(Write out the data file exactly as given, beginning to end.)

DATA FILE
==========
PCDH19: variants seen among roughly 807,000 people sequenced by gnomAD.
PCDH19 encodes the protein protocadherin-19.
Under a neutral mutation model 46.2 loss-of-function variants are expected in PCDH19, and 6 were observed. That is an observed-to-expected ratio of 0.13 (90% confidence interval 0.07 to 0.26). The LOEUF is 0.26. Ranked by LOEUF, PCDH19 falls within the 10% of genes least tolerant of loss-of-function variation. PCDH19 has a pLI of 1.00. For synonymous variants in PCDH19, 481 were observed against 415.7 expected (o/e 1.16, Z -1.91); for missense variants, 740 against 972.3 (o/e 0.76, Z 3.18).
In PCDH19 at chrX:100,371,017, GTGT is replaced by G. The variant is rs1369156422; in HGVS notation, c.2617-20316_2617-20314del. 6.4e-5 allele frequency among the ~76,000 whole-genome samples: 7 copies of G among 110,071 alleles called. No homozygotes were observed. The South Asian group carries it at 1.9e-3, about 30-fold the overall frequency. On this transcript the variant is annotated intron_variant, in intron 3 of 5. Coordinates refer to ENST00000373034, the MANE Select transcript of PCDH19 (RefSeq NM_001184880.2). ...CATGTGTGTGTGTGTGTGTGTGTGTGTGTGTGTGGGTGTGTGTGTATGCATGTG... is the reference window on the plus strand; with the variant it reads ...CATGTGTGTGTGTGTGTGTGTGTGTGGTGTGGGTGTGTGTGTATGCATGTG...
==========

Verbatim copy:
PCDH19: variants seen among roughly 807,000 people sequenced by gnomAD.
PCDH19 encodes the protein protocadherin-19.
Under a neutral mutation model 46.2 loss-of-function variants are expected in PCDH19, and 6 were observed. That is an observed-to-expected ratio of 0.13 (90% confidence interval 0.07 to 0.26). The LOEUF is 0.26. Ranked by LOEUF, PCDH19 falls within the 10% of genes least tolerant of loss-of-function variation. PCDH19 has a pLI of 1.00. For synonymous variants in PCDH19, 481 were observed against 415.7 expected (o/e 1.16, Z -1.91); for missense variants, 740 against 972.3 (o/e 0.76, Z 3.18).
In PCDH19 at chrX:100,371,017, GTGT is replaced by G. The variant is rs1369156422; in HGVS notation, c.2617-20316_2617-20314del. 6.4e-5 allele frequency among the ~76,000 whole-genome samples: 7 copies of G among 110,071 alleles called. No homozygotes were observed. The South Asian group carries it at 1.9e-3, about 30-fold the overall frequency. On this transcript the variant is annotated intron_variant, in intron 3 of 5. Coordinates refer to ENST00000373034, the MANE Select transcript of PCDH19 (RefSeq NM_001184880.2). ...CATGTGTGTGTGTGTGTGTGTGTGTGTGTGTGTGGGTGTGTGTGTATGCATGTG... is the reference window on the plus strand; with the variant it reads ...CATGTGTGTGTGTGTGTGTGTGTGTGGTGTGGGTGTGTGTGTATGCATGTG...